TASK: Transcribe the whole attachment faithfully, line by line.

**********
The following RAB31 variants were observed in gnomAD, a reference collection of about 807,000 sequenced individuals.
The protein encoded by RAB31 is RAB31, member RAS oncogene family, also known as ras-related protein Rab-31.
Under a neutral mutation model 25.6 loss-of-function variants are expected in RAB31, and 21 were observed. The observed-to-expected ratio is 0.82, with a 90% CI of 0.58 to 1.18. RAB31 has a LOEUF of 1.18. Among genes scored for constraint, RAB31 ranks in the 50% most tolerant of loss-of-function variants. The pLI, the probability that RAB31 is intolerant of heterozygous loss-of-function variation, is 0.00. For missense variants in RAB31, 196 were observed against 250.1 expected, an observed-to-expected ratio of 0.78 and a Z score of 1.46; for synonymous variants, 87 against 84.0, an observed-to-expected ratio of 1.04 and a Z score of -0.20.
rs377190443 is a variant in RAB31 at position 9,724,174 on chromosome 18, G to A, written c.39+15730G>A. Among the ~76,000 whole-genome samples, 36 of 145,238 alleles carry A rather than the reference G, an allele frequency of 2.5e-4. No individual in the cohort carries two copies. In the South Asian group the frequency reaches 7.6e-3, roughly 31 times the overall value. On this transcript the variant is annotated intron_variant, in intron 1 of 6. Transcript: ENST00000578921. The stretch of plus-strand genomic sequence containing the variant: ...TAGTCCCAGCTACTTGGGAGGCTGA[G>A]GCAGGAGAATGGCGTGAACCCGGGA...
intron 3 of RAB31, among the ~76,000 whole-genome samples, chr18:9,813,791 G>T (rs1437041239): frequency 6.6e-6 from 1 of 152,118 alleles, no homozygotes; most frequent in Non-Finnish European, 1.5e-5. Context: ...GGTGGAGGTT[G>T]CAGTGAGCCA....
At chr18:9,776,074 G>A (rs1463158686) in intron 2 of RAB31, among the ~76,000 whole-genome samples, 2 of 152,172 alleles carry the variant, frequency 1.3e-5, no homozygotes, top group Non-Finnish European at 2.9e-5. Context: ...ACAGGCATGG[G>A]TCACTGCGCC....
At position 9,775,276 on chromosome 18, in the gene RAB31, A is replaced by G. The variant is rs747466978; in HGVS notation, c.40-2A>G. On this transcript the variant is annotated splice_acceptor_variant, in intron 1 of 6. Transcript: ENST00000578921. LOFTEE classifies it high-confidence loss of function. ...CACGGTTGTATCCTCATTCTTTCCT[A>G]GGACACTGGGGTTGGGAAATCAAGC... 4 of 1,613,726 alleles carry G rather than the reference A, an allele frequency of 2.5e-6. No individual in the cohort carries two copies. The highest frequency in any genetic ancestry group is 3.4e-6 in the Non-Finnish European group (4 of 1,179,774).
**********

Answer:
The following RAB31 variants were observed in gnomAD, a reference collection of about 807,000 sequenced individuals.
The protein encoded by RAB31 is RAB31, member RAS oncogene family, also known as ras-related protein Rab-31.
Under a neutral mutation model 25.6 loss-of-function variants are expected in RAB31, and 21 were observed. The observed-to-expected ratio is 0.82, with a 90% CI of 0.58 to 1.18. RAB31 has a LOEUF of 1.18. Among genes scored for constraint, RAB31 ranks in the 50% most tolerant of loss-of-function variants. The pLI, the probability that RAB31 is intolerant of heterozygous loss-of-function variation, is 0.00. For missense variants in RAB31, 196 were observed against 250.1 expected, an observed-to-expected ratio of 0.78 and a Z score of 1.46; for synonymous variants, 87 against 84.0, an observed-to-expected ratio of 1.04 and a Z score of -0.20.
rs377190443 is a variant in RAB31 at position 9,724,174 on chromosome 18, G to A, written c.39+15730G>A. Among the ~76,000 whole-genome samples, 36 of 145,238 alleles carry A rather than the reference G, an allele frequency of 2.5e-4. No individual in the cohort carries two copies. In the South Asian group the frequency reaches 7.6e-3, roughly 31 times the overall value. On this transcript the variant is annotated intron_variant, in intron 1 of 6. Transcript: ENST00000578921. The stretch of plus-strand genomic sequence containing the variant: ...TAGTCCCAGCTACTTGGGAGGCTGA[G>A]GCAGGAGAATGGCGTGAACCCGGGA...
intron 3 of RAB31, among the ~76,000 whole-genome samples, chr18:9,813,791 G>T (rs1437041239): frequency 6.6e-6 from 1 of 152,118 alleles, no homozygotes; most frequent in Non-Finnish European, 1.5e-5. Context: ...GGTGGAGGTT[G>T]CAGTGAGCCA....
At chr18:9,776,074 G>A (rs1463158686) in intron 2 of RAB31, among the ~76,000 whole-genome samples, 2 of 152,172 alleles carry the variant, frequency 1.3e-5, no homozygotes, top group Non-Finnish European at 2.9e-5. Context: ...ACAGGCATGG[G>A]TCACTGCGCC....
At position 9,775,276 on chromosome 18, in the gene RAB31, A is replaced by G. The variant is rs747466978; in HGVS notation, c.40-2A>G. On this transcript the variant is annotated splice_acceptor_variant, in intron 1 of 6. Transcript: ENST00000578921. LOFTEE classifies it high-confidence loss of function. ...CACGGTTGTATCCTCATTCTTTCCT[A>G]GGACACTGGGGTTGGGAAATCAAGC... 4 of 1,613,726 alleles carry G rather than the reference A, an allele frequency of 2.5e-6. No individual in the cohort carries two copies. The highest frequency in any genetic ancestry group is 3.4e-6 in the Non-Finnish European group (4 of 1,179,774).